Throughout Pi Kappa Alpha’s health and safety efforts we encourage members and volunteers to do the right thing. When addressing perceived mental health concerns use care as your guiding principle in framing conversations.
There are many reasons people experience anxiety, hopelessness, or other distress. Whatever the reason, getting help sooner rather than later can help prevent more serious problems down the road. Remember that you are not a mental health professional, so we recommend seeking guidance and support, whether it is you or someone else who is experiencing distress. Starting with your Campus Counseling Services is always a good idea. Most campuses offer students counseling services for little or no cost. You can search for “counseling center” on your campus website or call the health center and ask how to get in touch with counseling services. Counseling services often include consultation support as well for members who are seeking guidance on how to help someone else.
Below are resources that you can use to educate yourself and find information and support.
The You Can help a Brother workshop designed in partnership with the JED Foundation teaches members how to recognize and respond to signs of mental health distress in peers or within themselves. Facilitators may include chapter consultants, Health & Safety Advisors, or Health & Safety Officers. https://pikes.org/health/mentalhealth/2021fhsi/
Get help: Crisis and Counseling Resources
Crisis Resources and Helplines
PIKE Lifeline, by the Jed Foundation, provides a comprehensive, confidential, online resource center where college students can feel comfortable searching for information regarding mental and emotional health. It includes:
- Self-Evaluator, a self-administered screening for thirteen common mental health conditions (note that, while confidential, the tool requires you to select your school in order to complete it, and not all schools are included in their database).
- Get Help Now, which lists hotlines for an array of issues; enables users to search for resources on their campus (note that not all schools are included); and provides resources by topic.
- Help a Friend, including how to tell if a friend is struggling, how to talk to a friend who is struggling, and other topics.
- Wellness topics, including sleep, exercise, nutrition, stress management & relaxation, and connectedness & healthy relationships.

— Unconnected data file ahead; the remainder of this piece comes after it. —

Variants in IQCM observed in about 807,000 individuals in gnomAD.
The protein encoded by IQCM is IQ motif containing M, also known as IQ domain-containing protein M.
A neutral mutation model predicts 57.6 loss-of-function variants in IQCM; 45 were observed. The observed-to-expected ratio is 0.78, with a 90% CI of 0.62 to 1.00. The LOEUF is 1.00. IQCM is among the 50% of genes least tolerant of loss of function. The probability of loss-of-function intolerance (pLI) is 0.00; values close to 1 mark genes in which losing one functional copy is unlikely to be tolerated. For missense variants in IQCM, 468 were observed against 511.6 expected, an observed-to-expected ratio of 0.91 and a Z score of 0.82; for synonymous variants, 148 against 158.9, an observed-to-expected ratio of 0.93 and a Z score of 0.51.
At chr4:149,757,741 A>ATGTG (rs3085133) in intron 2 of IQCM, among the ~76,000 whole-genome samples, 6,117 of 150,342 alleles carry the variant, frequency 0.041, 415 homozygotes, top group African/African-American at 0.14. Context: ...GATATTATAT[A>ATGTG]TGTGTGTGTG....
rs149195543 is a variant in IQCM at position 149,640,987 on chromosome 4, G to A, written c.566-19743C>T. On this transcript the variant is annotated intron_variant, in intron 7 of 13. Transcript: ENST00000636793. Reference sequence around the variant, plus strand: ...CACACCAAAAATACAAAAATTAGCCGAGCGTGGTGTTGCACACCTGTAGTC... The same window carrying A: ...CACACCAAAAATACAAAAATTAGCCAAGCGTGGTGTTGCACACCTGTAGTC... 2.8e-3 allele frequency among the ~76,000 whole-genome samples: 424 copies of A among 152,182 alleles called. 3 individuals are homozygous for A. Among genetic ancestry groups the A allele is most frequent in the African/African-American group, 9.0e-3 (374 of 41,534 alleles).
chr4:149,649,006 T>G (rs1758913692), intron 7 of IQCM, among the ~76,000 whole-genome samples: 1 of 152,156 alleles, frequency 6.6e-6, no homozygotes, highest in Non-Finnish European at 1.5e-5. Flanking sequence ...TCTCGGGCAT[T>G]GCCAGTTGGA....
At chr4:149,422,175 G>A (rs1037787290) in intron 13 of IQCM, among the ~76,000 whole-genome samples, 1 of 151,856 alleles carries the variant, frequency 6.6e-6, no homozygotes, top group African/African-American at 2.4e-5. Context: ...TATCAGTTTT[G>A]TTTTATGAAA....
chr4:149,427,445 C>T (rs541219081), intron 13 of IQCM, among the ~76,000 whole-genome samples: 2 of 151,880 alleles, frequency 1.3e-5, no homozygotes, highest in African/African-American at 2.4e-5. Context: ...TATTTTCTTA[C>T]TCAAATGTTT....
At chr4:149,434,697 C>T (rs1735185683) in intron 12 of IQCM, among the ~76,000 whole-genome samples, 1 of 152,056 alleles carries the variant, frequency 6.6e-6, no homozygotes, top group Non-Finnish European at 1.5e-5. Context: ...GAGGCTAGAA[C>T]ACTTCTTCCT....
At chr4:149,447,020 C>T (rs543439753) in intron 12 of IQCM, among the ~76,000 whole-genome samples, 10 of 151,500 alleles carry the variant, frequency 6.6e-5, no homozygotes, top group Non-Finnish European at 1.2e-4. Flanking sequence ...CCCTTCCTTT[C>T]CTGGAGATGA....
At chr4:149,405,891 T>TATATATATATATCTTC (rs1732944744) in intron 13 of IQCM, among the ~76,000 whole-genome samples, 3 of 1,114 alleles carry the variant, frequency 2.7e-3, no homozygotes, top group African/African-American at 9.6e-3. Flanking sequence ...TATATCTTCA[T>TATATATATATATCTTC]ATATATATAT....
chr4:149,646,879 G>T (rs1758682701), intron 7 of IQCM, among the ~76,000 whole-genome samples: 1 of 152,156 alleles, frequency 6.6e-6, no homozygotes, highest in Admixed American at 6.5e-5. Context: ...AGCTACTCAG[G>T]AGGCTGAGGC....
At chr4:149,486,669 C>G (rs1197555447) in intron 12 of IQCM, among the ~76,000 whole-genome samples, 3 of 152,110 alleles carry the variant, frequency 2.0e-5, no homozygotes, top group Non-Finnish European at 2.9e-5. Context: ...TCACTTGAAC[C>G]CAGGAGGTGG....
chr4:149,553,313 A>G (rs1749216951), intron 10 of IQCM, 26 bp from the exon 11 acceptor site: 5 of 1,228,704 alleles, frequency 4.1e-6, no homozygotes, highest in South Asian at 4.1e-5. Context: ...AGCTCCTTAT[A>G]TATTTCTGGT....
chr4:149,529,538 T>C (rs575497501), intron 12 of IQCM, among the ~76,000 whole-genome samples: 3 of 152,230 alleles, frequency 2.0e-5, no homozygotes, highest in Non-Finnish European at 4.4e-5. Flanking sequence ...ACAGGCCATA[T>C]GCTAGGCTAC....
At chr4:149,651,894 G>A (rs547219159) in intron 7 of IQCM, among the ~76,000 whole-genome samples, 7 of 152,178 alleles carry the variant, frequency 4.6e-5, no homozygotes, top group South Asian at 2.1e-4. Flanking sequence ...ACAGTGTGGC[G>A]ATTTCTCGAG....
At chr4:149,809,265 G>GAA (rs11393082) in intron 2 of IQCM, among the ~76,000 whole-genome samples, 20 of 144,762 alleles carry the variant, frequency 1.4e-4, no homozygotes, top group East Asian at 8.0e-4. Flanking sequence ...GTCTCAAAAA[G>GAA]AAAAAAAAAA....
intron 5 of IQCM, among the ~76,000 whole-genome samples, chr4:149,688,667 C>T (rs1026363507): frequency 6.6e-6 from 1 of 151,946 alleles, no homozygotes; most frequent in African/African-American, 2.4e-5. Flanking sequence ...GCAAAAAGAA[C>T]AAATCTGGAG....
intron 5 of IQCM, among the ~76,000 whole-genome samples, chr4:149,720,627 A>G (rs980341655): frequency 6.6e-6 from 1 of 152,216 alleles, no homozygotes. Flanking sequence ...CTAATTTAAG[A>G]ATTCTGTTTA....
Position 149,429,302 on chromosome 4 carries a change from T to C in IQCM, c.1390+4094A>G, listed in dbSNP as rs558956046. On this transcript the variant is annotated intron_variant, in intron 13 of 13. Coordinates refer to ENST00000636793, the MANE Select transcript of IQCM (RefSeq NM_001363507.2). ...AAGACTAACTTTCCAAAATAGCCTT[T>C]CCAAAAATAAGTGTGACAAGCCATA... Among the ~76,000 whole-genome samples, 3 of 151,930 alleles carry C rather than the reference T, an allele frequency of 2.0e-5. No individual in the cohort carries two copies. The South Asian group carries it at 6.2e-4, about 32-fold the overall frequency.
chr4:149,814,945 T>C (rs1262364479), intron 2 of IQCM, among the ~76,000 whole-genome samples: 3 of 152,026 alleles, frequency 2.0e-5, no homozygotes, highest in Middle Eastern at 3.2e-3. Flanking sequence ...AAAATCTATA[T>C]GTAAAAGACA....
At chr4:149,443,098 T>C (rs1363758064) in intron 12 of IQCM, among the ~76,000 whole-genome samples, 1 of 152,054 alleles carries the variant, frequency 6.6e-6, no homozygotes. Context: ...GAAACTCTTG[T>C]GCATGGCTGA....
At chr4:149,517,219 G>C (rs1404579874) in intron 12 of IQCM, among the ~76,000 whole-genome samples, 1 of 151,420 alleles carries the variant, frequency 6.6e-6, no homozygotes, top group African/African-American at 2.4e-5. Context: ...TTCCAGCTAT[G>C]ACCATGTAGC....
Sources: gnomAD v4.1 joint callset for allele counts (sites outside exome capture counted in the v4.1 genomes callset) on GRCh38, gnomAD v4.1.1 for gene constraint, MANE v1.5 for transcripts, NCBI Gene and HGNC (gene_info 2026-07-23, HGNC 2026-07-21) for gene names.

- The Facts about 11 mental health issues, including stress, emotional health, and several mental health diagnoses.
Mental health resource center for emotional health and well-being
This resource by the Jed Foundation has several sections, including:
- What to do if you face several specific situations in these two categories:
- I’m worried about someone (lists 10 situations, e.g., someone I know may be at risk of suicide, a friend seems really down and may be depressed, I’m worried about someone but I’m not sure if there’s cause for concern, I’ve offered help to someone but they don’t want to accept it)
- I’m worried about myself (lists 7 situations, e.g., I’m having thoughts of suicide, I’m feeling down, I’d like some tips to manage stress and anxiety, I’m worried my alcohol/substance use may be problematic)
- Emotional well-being, e.g., building positive relationships, managing stress, mindfulness, and sleep.
- I want to learn about… (lists 13 topics, e.g., ADHD, anxiety disorders, depression, self-harm)
Other resources: Educate yourself and others about mental health and suicide awareness
If you are in crisis or having thoughts of suicide, there are options to help you cope. The following resources are confidential and operate 24/7. You can also contact these resources if you are worried about a friend or loved one.
- The National Suicide Prevention Lifeline is a 24-hour, toll-free, confidential suicide prevention hotline available to anyone in suicidal crisis or emotional distress. Call 1-800-273-TALK (8255) or visit the website to chat. The website also includes helpful information about suicide as well as stories of hope and recovery.
- Crisis Text Line is the only 24/7, nationwide crisis-intervention text-message hotline. Text START to 741-741.
Mood disturbances represent only some of the prevalent mental health issues experienced by college students. Others include serious problems like suicide, eating disorders, and addiction. Mental health professionals stress the importance of talking about such issues, but as students you may consider these stresses a normal part of college life. This guide contains information to help you identify potential mental health issues and locate valuable community resources whether for yourself or a friend.